Quality boost in 3D printing opens up new applications in mobile comms, consumer electronics

Quality boost in 3D printing opens up new applications in mobile comms, consumer electronics

Technology News |
By Christoph Hammerschmidt

Heraeus Additive Manufacturing has optimized the material and process on a standard printer: The materials and manufacturing specialist has succeeded in producing components with a density of 99.8 percent of the solid material and a conductivity of approx. 95 percent IACS (International Annealed Copper Standard) using 3D printing. For this process, approximately 85 percent IACS is standard on the market. According to the company, the additive production of highly conductive copper components is now possible and economical in many industrial sectors. Due to printing “on demand”, the process reduces the procurement of earth replacement parts from several months to a few days.

Application examples are components from the areas of electric drives, inductive heating, thermal management and other applications that exploit the excellent electrical and thermal properties of copper. Manufacturing tolerances in conventional manufacturing processes are often too high to achieve reproducibility in particularly sensitive manufacturing processes, such as products for sophisticated heat sinks or laser transmission. The Heraeus developers are now working on further increasing the conductivity of microalloyed copper and transferring the findings of the experts to standard equipment from other manufacturers. This adaptation is necessary because the systems of different manufacturers behave differently.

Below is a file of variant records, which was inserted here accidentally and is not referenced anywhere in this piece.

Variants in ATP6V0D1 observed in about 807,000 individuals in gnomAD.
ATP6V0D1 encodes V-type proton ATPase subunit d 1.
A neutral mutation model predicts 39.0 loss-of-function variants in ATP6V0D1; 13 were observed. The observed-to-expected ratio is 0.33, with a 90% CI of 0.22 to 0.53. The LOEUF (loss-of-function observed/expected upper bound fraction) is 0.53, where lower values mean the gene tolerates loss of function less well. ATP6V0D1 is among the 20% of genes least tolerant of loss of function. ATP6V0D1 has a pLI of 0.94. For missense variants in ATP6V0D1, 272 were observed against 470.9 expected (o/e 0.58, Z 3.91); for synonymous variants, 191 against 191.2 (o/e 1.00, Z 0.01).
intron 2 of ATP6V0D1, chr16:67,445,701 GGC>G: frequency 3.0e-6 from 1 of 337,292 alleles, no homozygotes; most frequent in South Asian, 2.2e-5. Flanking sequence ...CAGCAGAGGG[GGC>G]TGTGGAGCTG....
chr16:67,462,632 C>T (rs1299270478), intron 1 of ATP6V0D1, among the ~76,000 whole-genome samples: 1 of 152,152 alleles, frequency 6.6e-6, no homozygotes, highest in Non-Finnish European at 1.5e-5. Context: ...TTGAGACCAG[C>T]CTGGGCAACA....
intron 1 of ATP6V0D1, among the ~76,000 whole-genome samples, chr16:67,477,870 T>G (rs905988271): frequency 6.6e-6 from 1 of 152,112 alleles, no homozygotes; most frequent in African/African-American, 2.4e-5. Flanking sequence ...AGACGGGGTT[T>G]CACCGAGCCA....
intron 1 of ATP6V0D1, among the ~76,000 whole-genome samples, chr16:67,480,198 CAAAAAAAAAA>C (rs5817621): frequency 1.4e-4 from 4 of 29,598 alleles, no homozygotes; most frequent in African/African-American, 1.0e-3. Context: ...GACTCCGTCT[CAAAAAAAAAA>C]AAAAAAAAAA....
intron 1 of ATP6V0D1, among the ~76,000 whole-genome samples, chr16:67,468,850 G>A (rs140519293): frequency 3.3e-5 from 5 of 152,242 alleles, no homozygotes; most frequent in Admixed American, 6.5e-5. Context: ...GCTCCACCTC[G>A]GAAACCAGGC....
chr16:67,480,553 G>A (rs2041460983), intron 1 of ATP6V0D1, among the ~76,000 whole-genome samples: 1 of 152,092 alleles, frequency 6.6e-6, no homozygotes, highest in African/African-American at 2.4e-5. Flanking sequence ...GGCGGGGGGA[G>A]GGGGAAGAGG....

The challenge for material and process developers is that copper has high conductivity and ductility, but reflects the laser wavelength used in standard systems almost like a mirror. At the same time, the high thermal conductivity of copper ensures that the coupled energy is quickly dissipated. This results in a very narrow process window. These characteristics make conventional 3D printing of pure copper impossible. So far, one solution has been to use different copper alloys, but these tests have all been at the expense of conductivity and other properties such as corrosion resistance. Another approach has so far been to modify the manufacturing process, which has resulted in a reduction in component quality. For example, the component has a higher porosity if the laser beam only melts the material and does not completely melt it. A third approach is to use other laser sources. There is no commercial implementation of this yet.

At the Formnext trade fair (Frankfurt, November 13-16) Heraeus will present its new development and show 3D-printed highly conductive copper components. The materials and process specialist will show further technological highlights that are relevant for the areas of mobility, electronics, robotics and hydraulics, medicine and aerospace. The focus will be on additive manufacturing with special materials from the amorphous metals, refractory metals, precious metals, and lightweight alloys such as scalmalloy.

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